Re: [v6ops] draft-ietf-v6ops-mobile-device-profile last call- "harmfully broad"?

Lorenzo Colitti <> Tue, 17 February 2015 01:57 UTC

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From: Lorenzo Colitti <>
Date: Tue, 17 Feb 2015 10:57:36 +0900
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To: "Heatley, Nick" <>
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Subject: Re: [v6ops] draft-ietf-v6ops-mobile-device-profile last call- "harmfully broad"?
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On Mon, Feb 16, 2015 at 6:23 PM, Heatley, Nick <>

>  Lorenzo,
> Focusing on a) what do you suggest?
> Have you another way?

Yes. Make IPv6* (see below) a requirement for carrier-branded devices, and
give the OEMs a credible signal that from date X onwards, you *will* fail
TA on every device that doesn't implement IPv6, and you *will not* waive
the requirement. That's what Verizon and T-Mobile did, and it worked for

It's true that T-Mobile and Verizon have more market power than some of the
carriers that are behind this draft. However, they definitely do not have
more market power than all the carriers behind this draft taken together.
Also, when they put those requirements down, IPv6 support in mobile devices
was in a much worse state; some devices didn't implement it at all, and
some had pretty severe bugs. Today, any OEM that sells to T-Mobile or
Verizon must have an IPv6 stack that's high-enough quality that tens of
millions of users can use it. So the problem you need to solve is easier
than the one they needed to solve; all you need to do is ask them not to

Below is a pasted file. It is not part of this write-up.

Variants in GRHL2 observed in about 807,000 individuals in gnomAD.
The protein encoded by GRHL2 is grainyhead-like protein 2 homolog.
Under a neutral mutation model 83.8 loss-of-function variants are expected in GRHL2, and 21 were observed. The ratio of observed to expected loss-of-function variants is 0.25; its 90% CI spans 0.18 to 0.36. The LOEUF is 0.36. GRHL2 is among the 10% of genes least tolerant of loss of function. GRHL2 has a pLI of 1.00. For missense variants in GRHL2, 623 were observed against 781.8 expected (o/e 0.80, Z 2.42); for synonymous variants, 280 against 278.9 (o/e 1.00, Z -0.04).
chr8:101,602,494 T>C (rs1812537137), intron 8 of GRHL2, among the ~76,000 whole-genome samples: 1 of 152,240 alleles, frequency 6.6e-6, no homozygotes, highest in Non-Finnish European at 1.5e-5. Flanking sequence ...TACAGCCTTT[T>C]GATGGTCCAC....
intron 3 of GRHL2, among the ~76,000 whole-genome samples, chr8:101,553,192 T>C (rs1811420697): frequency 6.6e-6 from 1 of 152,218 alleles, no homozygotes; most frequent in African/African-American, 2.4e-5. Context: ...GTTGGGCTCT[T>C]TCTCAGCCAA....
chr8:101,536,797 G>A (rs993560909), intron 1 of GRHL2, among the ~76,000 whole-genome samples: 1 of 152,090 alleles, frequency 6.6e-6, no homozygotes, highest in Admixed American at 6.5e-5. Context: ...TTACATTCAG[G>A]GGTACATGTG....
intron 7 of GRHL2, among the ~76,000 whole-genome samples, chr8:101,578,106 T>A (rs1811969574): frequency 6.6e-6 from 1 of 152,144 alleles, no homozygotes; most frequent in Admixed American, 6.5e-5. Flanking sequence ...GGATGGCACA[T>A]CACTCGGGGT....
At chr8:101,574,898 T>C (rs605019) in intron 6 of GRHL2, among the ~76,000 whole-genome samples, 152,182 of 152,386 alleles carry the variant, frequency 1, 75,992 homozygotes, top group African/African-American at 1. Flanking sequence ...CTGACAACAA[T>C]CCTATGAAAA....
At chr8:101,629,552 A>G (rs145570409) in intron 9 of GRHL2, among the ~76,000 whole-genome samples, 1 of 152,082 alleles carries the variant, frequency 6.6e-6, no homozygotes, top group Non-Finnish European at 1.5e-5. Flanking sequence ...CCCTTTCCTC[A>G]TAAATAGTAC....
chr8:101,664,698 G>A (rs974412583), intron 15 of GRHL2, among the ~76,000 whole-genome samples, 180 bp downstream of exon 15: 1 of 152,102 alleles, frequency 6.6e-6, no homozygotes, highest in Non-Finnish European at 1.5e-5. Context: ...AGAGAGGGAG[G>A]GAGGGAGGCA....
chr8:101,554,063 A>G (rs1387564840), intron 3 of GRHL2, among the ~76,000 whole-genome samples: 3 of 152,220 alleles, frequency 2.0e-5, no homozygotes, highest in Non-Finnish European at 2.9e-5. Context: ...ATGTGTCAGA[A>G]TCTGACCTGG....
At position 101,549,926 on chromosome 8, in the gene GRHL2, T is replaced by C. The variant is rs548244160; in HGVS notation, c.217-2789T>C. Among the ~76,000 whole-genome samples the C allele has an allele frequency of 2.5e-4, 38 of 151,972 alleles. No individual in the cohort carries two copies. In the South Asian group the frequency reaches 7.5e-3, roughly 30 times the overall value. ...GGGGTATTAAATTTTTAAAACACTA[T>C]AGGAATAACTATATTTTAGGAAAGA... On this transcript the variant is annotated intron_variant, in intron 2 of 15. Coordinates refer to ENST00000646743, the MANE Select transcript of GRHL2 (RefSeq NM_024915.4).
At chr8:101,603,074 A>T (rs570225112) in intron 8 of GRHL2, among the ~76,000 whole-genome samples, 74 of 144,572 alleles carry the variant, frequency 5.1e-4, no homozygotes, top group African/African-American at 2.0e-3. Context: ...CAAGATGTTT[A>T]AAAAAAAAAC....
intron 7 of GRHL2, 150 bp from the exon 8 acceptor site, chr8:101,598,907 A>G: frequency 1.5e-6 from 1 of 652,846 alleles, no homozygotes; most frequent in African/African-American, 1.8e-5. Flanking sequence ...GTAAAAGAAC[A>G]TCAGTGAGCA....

disable IPv6 in the European firmware, just like it's not disabled in the
US firmware.

If your problem is that you want to go directly from IPv4-only to
IPv6-only, but you feel that you can't do that because iOS doesn't support
464xlat, then you're in the same boat as T-Mobile. And in fact, I believe
that their requirement is something along the lines of "if your device runs
an operating system that supports 464xlat, you MUST configure your device
as IPv6-only with 464xlat" (which is roughly equivalent to saying, "you
must do 464xlat unless you're Apple"). That has a lot of value, because
whatever percentage of your users are on Android or Windows Phone won't
consume IPv4 addresses. The public statistics say T-Mobile is close to 50%
devices running IPv6-only. That's a lot IPv4 addresses saved.

Over time, the more operators take this position, the more will be using
464xlat, and eventually even Apple will read the writing on the wall and
implement it. They're free to use the Android implementation; it's

 The disappointed for me in the discussion about this common reqts paper is
> not that there are a few strong voices rejecting this initiative.
> It is that there are no voices of support. As I think you have pointed
> out, there is little support beyond the authors.

Personally, I think the resistance/lack of support is mostly due to the
fact that it is not the IETF's job to dictate/influence which technologies
are used in the Internet. The IETF's job is to specify those technologies,
but that's already been done.